Fruitful Pursuits – by Kim Fisher
“Art is a fruit that grows in man, like a fruit on a plant, or a child in its mother’s womb.” – Jean Arp (Hans Arp)
Throughout his career Cezanne painted numerous images of fruit in still life, his fruit of choice was the humble apple.
He was however not alone in this pursuit, with a number of artists turning to still life paintings and drawings to train their hand and their eye, or merely to create a pleasing image.
It seems only fitting then that this practice has been passed on to the relatively newer art form of photography, providing beginners a subject to cut their teeth on and inspiration for experienced photographers.
But recently I have noticed the increased presence of fruit in fashion and jewelry campaigns as well as dominating social media platforms.
@fruitassembly is an Instagram account dedicated entirely to beautifully curating and celebrating the fruit imagery across the platform.
While influencers like Eva Chen champion the likes of the sumo orange.
Why fruit? Why now?
Some art critics claim that the fruit in a still life art work has meaning, for example apples could represent religion, temptation or knowledge.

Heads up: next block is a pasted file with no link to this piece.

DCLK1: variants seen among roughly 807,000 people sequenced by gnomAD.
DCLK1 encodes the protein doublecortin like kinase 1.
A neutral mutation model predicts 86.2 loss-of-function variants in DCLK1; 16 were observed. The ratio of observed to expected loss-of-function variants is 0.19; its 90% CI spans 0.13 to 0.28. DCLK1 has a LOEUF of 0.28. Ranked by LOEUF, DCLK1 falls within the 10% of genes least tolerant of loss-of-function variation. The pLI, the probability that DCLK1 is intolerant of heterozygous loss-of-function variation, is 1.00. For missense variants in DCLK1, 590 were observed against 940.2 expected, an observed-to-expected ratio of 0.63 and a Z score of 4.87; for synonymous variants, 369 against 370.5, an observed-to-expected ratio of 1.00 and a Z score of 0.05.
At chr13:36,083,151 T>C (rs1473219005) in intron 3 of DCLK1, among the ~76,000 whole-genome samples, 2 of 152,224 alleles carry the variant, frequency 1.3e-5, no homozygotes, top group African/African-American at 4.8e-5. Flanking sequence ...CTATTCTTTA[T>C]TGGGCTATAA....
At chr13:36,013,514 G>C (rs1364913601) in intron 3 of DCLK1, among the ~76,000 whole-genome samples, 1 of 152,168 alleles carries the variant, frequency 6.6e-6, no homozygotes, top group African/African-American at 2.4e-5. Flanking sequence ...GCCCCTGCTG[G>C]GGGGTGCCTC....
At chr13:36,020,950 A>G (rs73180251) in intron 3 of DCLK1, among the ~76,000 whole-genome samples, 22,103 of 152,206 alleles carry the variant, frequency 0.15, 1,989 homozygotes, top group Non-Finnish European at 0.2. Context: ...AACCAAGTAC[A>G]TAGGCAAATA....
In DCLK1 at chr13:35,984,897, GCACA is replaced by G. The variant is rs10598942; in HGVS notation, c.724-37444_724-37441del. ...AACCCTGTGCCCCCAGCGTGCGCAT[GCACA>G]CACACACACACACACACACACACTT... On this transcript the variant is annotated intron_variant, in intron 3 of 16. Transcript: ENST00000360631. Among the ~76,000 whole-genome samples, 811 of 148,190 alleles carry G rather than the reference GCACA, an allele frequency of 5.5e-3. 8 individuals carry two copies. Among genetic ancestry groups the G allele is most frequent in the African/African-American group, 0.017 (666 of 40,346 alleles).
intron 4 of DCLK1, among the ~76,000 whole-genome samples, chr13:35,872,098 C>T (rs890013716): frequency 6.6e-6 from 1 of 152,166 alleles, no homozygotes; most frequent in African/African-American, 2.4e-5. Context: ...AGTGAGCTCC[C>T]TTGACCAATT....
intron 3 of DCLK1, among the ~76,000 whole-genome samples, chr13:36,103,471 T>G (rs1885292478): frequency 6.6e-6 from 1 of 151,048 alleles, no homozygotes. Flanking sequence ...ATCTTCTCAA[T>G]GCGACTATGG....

However, there is another school of thought that believes that in unpredictable times people use art and fashion as a way of creating escapism and light-heartedness.
Could this be the reason for the recent rise of fruit featured in fashion, jewelry, still life and self- portrait photography?
Or could it be something else altogether, perhaps a longing to return to nature and a more self-sustainable or simpler way of life.
Whatever the reason fruits in fashion and art have their season as they do in nature,
and as the current season of the avocado (loved by nearly every millennial)
comes to an end it gives way to the rise of citrus fruits.
If the art critics are to be believed that fruit does indeed have meaning in a still life, the meaning behind citrus fruit is Hope.